A marketing campaign that really POPS. In a world where people are subject to an overwhelming amount of advertising daily, lenticular promotional pieces have an incredible stopping power and boast an investment-to-return rate many times greater than that of traditional printed media.
From direct mailers and business cards to posters and signage; from magazine inserts and book covers to packaging and POP; from cups and magnets to clock faces and birthday cards — Nearly everything you need to print can be transformed with lenticular’s instant “WOW” factor.
The reason is simple. Seeing something move on a flat surface is an amazing way to grab attention. The effect is almost magical! Add this novelty to the fact that they are printed on a durable plastic material, and it becomes more of a keepsake than an advertisement.
With the growing popularity of 3D in films today, lenticular brings 3D effects to printing! Be prepared to blow some minds.
Modern lenticular printing has been around since the 1940s, with roots going back to the invention of the Stereoscope in the early 1800s. Some of the most well-known examples of lenticular printing are the prizes given in Cracker Jack boxes showing images such as a blinking eye. Modern examples include advertising graphics, like the kind often seen in airports. Originally used as novelty items, lenticular is now a powerful marketing tool.
Recent advances in lenticular printing technology have improved print quality and reduced costs, making lenticular an affordable option for advertising, direct-mail, and even fine art. Lenticular turns any printed piece into a captivating keep-sake.
A lenticular image is actually made from two or more images that are electronically sliced into narrow strips and re-assembled in alternating order. This is called interlacing.
This interlaced image is then printed (in reverse) on the back of a clear plastic sheet. The front of the sheet has many long, thin ridges running along the surface, which are actually lenses – as few as ten and as many as 200 per inch – called lenticules. These lenticules act as miniature magnifying glasses, magnifying only one set of the strips at a time (depending on the viewing angle) and effectively blocking out the other set(s). When the viewer moves, or if the picture is turned, a different set of strips is visible, and the printed image appears to change.
In the case of 3-D lenticular, the interlaced file is composed from a sequence of images of objects that appear to pass in front or behind each other. The stereoscopic effect is achieved because the lens shows a slightly different view to your right eye and your left eye, tricking your brain into seeing depth. This 3-D illusion can be used along with flipping, animation, or other effects for some truly spectacular imagery.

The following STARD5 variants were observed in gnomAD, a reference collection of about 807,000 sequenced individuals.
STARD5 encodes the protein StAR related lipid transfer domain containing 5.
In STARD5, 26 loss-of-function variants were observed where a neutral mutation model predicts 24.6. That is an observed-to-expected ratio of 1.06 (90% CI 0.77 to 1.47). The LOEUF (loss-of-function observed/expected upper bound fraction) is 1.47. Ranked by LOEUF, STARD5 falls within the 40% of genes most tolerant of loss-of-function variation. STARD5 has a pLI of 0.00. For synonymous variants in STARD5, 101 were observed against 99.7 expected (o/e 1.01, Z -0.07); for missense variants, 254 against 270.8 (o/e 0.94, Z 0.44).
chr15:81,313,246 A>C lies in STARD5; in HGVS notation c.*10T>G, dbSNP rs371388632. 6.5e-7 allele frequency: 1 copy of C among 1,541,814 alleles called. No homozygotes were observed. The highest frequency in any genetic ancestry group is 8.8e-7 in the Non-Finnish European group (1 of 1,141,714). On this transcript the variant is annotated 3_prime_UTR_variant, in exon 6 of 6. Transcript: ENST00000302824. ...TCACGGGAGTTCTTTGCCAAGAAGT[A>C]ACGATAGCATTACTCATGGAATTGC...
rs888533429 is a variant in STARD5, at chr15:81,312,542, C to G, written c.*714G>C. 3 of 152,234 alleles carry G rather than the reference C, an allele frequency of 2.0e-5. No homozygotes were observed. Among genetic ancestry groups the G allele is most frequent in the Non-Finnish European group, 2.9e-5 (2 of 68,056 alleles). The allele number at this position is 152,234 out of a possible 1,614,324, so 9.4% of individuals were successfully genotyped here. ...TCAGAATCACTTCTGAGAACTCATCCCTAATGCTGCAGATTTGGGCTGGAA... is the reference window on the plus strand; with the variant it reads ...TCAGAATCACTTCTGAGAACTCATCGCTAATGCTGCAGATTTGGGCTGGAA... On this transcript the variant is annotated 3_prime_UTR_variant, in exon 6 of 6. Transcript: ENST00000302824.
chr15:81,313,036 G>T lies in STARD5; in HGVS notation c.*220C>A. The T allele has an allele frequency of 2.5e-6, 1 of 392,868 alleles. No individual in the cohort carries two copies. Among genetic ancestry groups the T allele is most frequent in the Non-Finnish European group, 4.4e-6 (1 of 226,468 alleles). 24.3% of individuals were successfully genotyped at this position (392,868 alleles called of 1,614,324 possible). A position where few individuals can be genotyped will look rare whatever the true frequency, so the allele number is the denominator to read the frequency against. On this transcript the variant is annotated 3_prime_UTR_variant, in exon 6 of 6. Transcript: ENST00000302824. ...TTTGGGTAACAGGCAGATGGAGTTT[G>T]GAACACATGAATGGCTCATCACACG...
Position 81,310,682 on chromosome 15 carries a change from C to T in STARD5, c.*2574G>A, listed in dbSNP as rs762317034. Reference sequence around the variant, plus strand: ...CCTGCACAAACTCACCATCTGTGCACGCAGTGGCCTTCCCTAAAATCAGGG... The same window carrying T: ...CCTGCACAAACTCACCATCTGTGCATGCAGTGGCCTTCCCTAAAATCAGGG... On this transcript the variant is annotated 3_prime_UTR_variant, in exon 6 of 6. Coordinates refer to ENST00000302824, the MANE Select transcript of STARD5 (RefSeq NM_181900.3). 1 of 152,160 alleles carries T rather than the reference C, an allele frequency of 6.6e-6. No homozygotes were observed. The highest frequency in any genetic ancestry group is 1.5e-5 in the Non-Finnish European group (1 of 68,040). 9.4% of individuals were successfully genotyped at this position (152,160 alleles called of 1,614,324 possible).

Lenticular is a fast-growing industry, with Custom-Lenticular.com at the forefront. Take a look at our portfolio to see some of the pieces we’ve created for clients over the years.
It’s time for show-and-tell. We have created custom lenticular pieces for a few of the biggest companies in the world (and also some of the smallest). Here are a few of our favorites.
In-store display for Love’s Travel Stops, incorporating 3D and “zoom” effects. These can be seen in over 50 locations around the country.
Wall decor for an upscale sushi restaurant in Washington DC. Our artists were able to create this 3D scene from a single photograph.
A lenticular poster comissioned by George Mason University to commemorate the Men’s Basketball Coach’s winning 2005–2006 season. The event was really special, and so was the poster.
A lenticular poster comissioned by Lafayette University to commemorate their 2004 Patriot League Championship.
A lenticular poster produced for the Monsters HD cable channel. We created a short animation using a series of illustrations.
A lenticular poster made for a junior hockey league on Long Island.
A lenticular direct mail piece created for a New York area real estate appraiser.
A collect-all-four set of lenticular pieces created for Coca-Cola and Food Lion supermarkets.
A set of lenticular trading cards created for Topps for the release of the 2007 Transformers movie.
A lenticular luggage tag created for Nickelodeon’s Nick Hotel. We were able to capture a short movie on a flat printed surface.
Lenticular security passes created for WWE’s WrestleMania 23. The WWE chose lenticular technology to thwart counterfeiters.
A lenticular Christmas ornament created as a fund-raiser for a local lacrosse team.
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